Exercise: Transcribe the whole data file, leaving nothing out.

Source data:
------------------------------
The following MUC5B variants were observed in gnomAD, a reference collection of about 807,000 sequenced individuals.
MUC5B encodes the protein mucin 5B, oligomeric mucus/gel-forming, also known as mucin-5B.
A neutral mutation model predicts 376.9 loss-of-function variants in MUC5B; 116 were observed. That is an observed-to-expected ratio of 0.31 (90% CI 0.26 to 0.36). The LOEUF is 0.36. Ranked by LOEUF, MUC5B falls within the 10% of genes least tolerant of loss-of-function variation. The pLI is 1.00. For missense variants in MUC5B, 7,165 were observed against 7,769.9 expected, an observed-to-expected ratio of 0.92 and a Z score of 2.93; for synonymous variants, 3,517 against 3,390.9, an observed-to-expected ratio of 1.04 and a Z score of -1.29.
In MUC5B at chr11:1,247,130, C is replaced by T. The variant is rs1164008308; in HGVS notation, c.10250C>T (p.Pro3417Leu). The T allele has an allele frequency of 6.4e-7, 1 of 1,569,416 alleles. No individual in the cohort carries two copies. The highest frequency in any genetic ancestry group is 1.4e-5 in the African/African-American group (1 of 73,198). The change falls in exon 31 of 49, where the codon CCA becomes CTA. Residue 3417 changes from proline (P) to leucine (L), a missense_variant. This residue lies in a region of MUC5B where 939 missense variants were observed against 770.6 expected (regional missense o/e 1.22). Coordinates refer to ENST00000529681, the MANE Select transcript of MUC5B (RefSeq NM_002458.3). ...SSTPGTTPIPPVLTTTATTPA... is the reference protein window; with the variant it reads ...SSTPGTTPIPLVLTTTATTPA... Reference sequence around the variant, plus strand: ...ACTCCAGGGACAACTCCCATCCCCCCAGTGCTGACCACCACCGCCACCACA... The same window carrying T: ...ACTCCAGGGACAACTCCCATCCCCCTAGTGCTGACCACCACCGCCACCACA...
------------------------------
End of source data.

The following MUC5B variants were observed in gnomAD, a reference collection of about 807,000 sequenced individuals.
MUC5B encodes the protein mucin 5B, oligomeric mucus/gel-forming, also known as mucin-5B.
A neutral mutation model predicts 376.9 loss-of-function variants in MUC5B; 116 were observed. That is an observed-to-expected ratio of 0.31 (90% CI 0.26 to 0.36). The LOEUF is 0.36. Ranked by LOEUF, MUC5B falls within the 10% of genes least tolerant of loss-of-function variation. The pLI is 1.00. For missense variants in MUC5B, 7,165 were observed against 7,769.9 expected, an observed-to-expected ratio of 0.92 and a Z score of 2.93; for synonymous variants, 3,517 against 3,390.9, an observed-to-expected ratio of 1.04 and a Z score of -1.29.
In MUC5B at chr11:1,247,130, C is replaced by T. The variant is rs1164008308; in HGVS notation, c.10250C>T (p.Pro3417Leu). The T allele has an allele frequency of 6.4e-7, 1 of 1,569,416 alleles. No individual in the cohort carries two copies. The highest frequency in any genetic ancestry group is 1.4e-5 in the African/African-American group (1 of 73,198). The change falls in exon 31 of 49, where the codon CCA becomes CTA. Residue 3417 changes from proline (P) to leucine (L), a missense_variant. This residue lies in a region of MUC5B where 939 missense variants were observed against 770.6 expected (regional missense o/e 1.22). Coordinates refer to ENST00000529681, the MANE Select transcript of MUC5B (RefSeq NM_002458.3). ...SSTPGTTPIPPVLTTTATTPA... is the reference protein window; with the variant it reads ...SSTPGTTPIPLVLTTTATTPA... Reference sequence around the variant, plus strand: ...ACTCCAGGGACAACTCCCATCCCCCCAGTGCTGACCACCACCGCCACCACA... The same window carrying T: ...ACTCCAGGGACAACTCCCATCCCCCTAGTGCTGACCACCACCGCCACCACA...